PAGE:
June 8, 2005 4:00 AM PDT
The brains behind Apple's Rosetta: Transitive
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package. Doing so would significantly increase the size of a program, but if programmers followed this practice, an Intel-to-PowerPC translator wouldn't be needed.
Apple has been reluctant to discuss where Transitive fits into the Rosetta technology, though Jobs did confirm in a New York Times interview that Transitive is playing a role.
In an interview with CNET News.com, Apple Senior Vice President Phil Schiller declined to say how much of Rosetta was developed in-house. "I'm not going to talk about details, but it's Apple technology," Schiller said.
on how much of Rosetta was developed in-house
Transitive has about 65 employees, with all engineering staff in Manchester, England. Founder and Chief Technology Officer Alasdair Rawsthorne developed the technology in 1995 at the University of Manchester and built a company around it in 2000.
The company has raised $24 million in three rounds of investment--in October 2000, in February 2002 and in September 2004, Wiederhold said. Investors are Pond Venture Partners, Crescendo Ventures and Accel Partners.
Six major computer makers are Transitive customers, and some new ones should be announced in coming months, Wiederhold said. Later this year or early next, the company wants to start selling products to a second class of customer: software companies that can include QuickTransit as a quick way to bring products to new processors.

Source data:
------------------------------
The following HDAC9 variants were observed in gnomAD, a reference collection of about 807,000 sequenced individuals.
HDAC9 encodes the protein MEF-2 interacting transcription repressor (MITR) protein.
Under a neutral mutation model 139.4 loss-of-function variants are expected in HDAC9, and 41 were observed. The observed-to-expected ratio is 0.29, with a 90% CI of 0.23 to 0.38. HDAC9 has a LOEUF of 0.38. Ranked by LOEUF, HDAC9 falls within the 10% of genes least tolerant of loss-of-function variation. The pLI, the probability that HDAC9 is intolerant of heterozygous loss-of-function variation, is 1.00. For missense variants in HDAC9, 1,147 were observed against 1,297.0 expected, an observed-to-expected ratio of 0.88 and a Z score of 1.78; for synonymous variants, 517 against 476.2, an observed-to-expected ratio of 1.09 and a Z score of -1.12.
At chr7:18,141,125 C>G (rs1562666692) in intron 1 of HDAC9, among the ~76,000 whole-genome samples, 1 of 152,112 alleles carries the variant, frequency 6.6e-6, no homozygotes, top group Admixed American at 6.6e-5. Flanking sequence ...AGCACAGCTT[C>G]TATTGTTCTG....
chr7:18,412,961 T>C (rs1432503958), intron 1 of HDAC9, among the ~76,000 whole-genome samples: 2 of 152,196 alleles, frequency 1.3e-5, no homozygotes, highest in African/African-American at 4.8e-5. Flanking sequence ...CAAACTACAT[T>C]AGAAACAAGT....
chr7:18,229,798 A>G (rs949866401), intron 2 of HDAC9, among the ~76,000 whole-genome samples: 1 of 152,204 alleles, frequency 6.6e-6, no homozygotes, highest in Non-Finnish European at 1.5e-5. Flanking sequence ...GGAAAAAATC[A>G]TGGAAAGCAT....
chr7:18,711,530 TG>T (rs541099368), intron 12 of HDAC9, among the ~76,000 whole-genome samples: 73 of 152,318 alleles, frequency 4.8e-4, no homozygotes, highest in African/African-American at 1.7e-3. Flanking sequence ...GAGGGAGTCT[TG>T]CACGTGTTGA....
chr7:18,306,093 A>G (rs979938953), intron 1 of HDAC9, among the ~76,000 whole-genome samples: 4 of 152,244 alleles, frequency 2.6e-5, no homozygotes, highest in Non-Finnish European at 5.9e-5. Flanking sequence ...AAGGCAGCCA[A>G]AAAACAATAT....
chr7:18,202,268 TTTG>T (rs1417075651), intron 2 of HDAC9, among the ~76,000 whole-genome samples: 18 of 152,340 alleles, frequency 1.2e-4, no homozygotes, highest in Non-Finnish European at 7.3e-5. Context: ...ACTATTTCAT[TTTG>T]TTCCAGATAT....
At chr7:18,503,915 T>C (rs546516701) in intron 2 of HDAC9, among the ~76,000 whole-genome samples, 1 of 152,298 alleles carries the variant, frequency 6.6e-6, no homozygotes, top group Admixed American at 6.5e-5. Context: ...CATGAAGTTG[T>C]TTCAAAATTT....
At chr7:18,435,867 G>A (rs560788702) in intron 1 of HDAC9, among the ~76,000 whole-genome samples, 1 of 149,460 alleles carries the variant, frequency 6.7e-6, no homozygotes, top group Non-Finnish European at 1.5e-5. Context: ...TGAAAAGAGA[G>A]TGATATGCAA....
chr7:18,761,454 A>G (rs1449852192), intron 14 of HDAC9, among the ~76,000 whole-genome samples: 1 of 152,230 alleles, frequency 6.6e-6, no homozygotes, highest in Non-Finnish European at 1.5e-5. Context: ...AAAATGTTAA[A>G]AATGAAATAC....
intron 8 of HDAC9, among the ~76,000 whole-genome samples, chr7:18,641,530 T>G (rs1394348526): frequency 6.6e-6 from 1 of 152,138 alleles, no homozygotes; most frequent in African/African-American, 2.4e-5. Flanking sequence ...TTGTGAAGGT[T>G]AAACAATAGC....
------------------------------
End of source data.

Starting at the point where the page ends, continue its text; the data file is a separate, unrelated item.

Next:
QuickTransit can be used to bring software to Itanium, PowerPC, and x86 from Intel and Advanced Micro Devices. It can translate software from computers with x86, mainframe, Power or MIPS chips.
AltiVec and other limitations
While Rosetta will work to translate many Mac programs, it does have some important limitations.
"Many, but not all, applications can run translated," Apple said in a paper for developers. "Applications that run translated will never run as fast as they run as a native binary because the translation process itself incurs a processing cost."
Apple said that Rosetta is "designed to translate currently shipping applications that run on a PowerPC with a G3 processor and that are built for Mac OS X."
However, Apple said Rosetta can't run several types of code: that written specifically to use the PowerPC's AltiVec instructions; that which requires a G4 or G5 chip; programs written for Mac OS 9, which today can run with Mac OS X's "classic" environment; kernel extensions; applications that depend on kernel extensions; and code that inserts preferences in the System Preferences pane.
"How compatible your application is with Rosetta depends on the type of application it is," Apple said. "Applications that have a lot of user interaction and low computational needs, such as a word processor, are quite compatible. Those that have a moderate amount of user interaction and some high computational needs or that use OpenGL are, in most cases, also quite compatible. Those that have intense computing needs aren't compatible."
Apple said that there are no visual indications that an application is being translated. A dialog box in the Finder can be used, though, to see whether an application exists only in a PowerPC binary.
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